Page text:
Which Filter for Cloudbursts

Discussion in '35mm Cameras and Accessories' started by Inayat Noor, Jul 15, 2010.

  1. Inayat Noor

    Inayat Noor Subscriber

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    It's summer here in Florida and I am constantly seeing cloudbursts in the distance. I am seeking advice on which filter to use with B & W film to make the image pop with contrast and detail. I will use HP5 with my Hasselblad & 40mm lens.

    Thank you
     
  2. markbarendt

    markbarendt Subscriber

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    In my bag I carry a variety of filters, what I find is that there isn't just one that works in a given situation.

    The various colors just highlight different things.
     
  3. Rick A

    Rick A Subscriber

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    I keep a yellow filter on nearly all the time and thats usually sufficient. At times I change out to other colors, depending on what I want to achieve. You are going to have to make your own test shots to determine what works for your style. Run a series of shots using yellow, orange, red, and see which is to your liking. I also stack a polarizer with yellow or orange for extra drama, but the results are dependant on the actual atmospheric conditions.
     
  4. tlitody

    tlitody Member

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    a deep yellow is often enough. Using orange or red (even worse) can make the print really gritty looking. But it depends on the sky colour and how much humidity is in the air. The less humid the better and if the sky is a really deep blue then a yellow or deep yello will be enough. But if the sky is a pale blue then you need more filter (orange or red) to darken it.
    Expose for the clouds and not the shadows. Set cloud highlight on zone 7 to 8 which gives you some room to increase contrast a tad of room in the printing stage if you need to up contrast without losing detail.
    Don't forget to apply filter factor.
     
  5. elekm

    elekm Member

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    Sometimes, you can use a polarizing filter. But generally a medium- or deep-yellow filter will do it.
     
  6. Rick A

    Rick A Subscriber

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    While you are running your tests, be sure to make very good friends with a sturdy tripod and cable release. Slow speed film, darkening skies and slow shutter speed coupled with small apertures, makes for awesome panoramas.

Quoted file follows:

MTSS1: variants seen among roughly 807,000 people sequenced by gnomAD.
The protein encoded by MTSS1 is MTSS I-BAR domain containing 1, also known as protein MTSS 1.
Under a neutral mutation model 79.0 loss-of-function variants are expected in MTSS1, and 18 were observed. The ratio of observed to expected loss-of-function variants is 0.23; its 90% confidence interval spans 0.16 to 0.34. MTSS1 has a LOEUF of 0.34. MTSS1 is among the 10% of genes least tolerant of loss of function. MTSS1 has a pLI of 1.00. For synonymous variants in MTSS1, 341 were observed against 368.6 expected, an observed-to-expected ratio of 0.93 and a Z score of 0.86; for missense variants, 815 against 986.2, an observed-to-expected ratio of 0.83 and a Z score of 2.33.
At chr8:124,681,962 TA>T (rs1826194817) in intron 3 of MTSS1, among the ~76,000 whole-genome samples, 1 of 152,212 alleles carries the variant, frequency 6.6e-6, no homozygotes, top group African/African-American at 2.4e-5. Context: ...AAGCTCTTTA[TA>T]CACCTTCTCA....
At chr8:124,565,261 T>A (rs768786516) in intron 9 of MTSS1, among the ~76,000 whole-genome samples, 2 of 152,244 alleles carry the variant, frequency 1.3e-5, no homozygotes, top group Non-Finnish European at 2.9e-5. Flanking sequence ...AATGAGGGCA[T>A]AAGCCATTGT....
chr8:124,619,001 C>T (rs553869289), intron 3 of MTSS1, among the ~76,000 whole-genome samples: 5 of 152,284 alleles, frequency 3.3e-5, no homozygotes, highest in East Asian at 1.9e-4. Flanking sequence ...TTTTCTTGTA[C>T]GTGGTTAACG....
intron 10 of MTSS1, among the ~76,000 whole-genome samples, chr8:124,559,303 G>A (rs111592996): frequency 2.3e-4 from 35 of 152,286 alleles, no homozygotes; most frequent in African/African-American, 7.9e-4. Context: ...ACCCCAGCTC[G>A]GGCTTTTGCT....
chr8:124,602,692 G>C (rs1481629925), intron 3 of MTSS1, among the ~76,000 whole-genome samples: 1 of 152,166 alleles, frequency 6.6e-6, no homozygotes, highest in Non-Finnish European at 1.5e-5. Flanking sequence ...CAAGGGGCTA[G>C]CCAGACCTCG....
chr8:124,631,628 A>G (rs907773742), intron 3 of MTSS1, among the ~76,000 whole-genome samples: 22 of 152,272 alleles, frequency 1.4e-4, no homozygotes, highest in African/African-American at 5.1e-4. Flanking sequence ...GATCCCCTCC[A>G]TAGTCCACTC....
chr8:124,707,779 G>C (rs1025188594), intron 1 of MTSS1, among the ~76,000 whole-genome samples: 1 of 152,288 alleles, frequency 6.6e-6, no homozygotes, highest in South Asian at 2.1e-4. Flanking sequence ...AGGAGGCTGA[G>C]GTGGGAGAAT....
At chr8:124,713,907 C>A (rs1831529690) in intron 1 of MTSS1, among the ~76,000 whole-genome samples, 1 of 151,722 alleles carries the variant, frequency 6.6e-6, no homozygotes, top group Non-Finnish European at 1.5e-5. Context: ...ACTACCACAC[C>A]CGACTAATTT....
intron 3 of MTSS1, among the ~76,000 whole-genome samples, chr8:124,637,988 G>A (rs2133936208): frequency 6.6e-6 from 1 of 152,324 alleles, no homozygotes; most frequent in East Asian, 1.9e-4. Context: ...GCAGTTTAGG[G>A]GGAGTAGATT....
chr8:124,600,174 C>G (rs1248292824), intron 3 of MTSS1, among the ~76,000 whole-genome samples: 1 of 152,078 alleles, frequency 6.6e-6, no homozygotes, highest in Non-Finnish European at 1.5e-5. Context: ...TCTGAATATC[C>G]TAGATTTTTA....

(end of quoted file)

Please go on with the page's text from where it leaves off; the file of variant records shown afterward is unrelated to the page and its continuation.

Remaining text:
7. tlitody

    tlitody Member

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    Try using some Ilford SFX too with a deep yellow filter!
     
  8. Inayat Noor

    Inayat Noor Subscriber

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    Thank you all for the excellent advice. Expecially putting the clouds in Zone 7. I spot meter thru my filters and will experiment with various filters.

    Again, many thanks.
     
  9. tlitody

    tlitody Member

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    metering through a 25 red which is a tri colour filter will give you a false reading. With yellow filters you should be OK cos the filter factor is much less but as a rule I use the filter factor rather than metering through filter which can throw off the reading depending on which filter it is.
     
  10. bobwysiwyg

    bobwysiwyg Subscriber

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    I was under the impression meters don't see color, just light intensity. Can you explain the above a bit more?
     
  11. Rick A

    Rick A Subscriber

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    Meters dont read color, merely the amount of light. A red filter generally needs 3 stops extra light to give the same exposure as no filter, so meter without, then with to see if it gives the proper reading. I recommend you do this with all your filters, and check against the filter factor for that color. Yellow needs one extra stop, and is the easiest to allow for. I meter with my L-398 and add one stop for yellow. On my OM-1, I just trust my on-camera meter, I've already run tests and know ahead its correct. For orange or red, I meter, then add the filter, adjust exposure and shoot.
     
  12. Gerald C Koch

    Gerald C Koch Member

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    The color sensitivity depends on the light sensor in the meter. Is it selenium. silicon, ?
     
  13. tlitody

    tlitody Member

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    light meters work in wavelengths not colour. Colour is a human perception. So its the response of the meter to a range of wavelengths that is important. They may be more reactive to some wavelengths than others. Use a tri colour filter which passes only a narrow band of wavelengths and you can get a distorted reading. Difficult to nail down because you use perception to judge the result so what works out fine for one person may not work out fine for another person or for another subject in different lighting. The answer is, you just have to get to know your filters and how they alter your subjects.